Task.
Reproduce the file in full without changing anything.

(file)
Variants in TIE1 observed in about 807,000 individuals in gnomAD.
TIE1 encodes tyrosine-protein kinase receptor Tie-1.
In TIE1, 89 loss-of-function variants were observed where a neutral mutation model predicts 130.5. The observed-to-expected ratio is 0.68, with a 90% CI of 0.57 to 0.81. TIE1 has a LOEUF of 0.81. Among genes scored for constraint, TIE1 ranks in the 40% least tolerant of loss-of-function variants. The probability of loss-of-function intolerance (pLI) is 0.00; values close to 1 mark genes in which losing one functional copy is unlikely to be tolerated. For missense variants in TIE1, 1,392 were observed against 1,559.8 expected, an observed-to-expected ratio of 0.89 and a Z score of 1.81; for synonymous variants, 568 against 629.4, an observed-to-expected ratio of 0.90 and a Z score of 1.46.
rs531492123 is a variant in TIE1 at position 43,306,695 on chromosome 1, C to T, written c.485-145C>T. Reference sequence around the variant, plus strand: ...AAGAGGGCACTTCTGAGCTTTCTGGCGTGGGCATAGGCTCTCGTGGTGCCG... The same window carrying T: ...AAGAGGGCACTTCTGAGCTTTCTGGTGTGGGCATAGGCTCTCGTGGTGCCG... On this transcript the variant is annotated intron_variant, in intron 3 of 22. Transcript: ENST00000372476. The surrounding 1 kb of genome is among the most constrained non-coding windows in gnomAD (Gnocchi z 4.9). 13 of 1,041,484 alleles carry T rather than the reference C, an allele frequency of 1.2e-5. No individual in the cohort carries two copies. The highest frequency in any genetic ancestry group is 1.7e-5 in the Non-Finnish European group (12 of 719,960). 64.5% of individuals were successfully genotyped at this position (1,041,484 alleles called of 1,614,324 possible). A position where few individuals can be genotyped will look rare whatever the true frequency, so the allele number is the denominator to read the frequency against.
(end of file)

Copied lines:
Variants in TIE1 observed in about 807,000 individuals in gnomAD.
TIE1 encodes tyrosine-protein kinase receptor Tie-1.
In TIE1, 89 loss-of-function variants were observed where a neutral mutation model predicts 130.5. The observed-to-expected ratio is 0.68, with a 90% CI of 0.57 to 0.81. TIE1 has a LOEUF of 0.81. Among genes scored for constraint, TIE1 ranks in the 40% least tolerant of loss-of-function variants. The probability of loss-of-function intolerance (pLI) is 0.00; values close to 1 mark genes in which losing one functional copy is unlikely to be tolerated. For missense variants in TIE1, 1,392 were observed against 1,559.8 expected, an observed-to-expected ratio of 0.89 and a Z score of 1.81; for synonymous variants, 568 against 629.4, an observed-to-expected ratio of 0.90 and a Z score of 1.46.
rs531492123 is a variant in TIE1 at position 43,306,695 on chromosome 1, C to T, written c.485-145C>T. Reference sequence around the variant, plus strand: ...AAGAGGGCACTTCTGAGCTTTCTGGCGTGGGCATAGGCTCTCGTGGTGCCG... The same window carrying T: ...AAGAGGGCACTTCTGAGCTTTCTGGTGTGGGCATAGGCTCTCGTGGTGCCG... On this transcript the variant is annotated intron_variant, in intron 3 of 22. Transcript: ENST00000372476. The surrounding 1 kb of genome is among the most constrained non-coding windows in gnomAD (Gnocchi z 4.9). 13 of 1,041,484 alleles carry T rather than the reference C, an allele frequency of 1.2e-5. No individual in the cohort carries two copies. The highest frequency in any genetic ancestry group is 1.7e-5 in the Non-Finnish European group (12 of 719,960). 64.5% of individuals were successfully genotyped at this position (1,041,484 alleles called of 1,614,324 possible). A position where few individuals can be genotyped will look rare whatever the true frequency, so the allele number is the denominator to read the frequency against.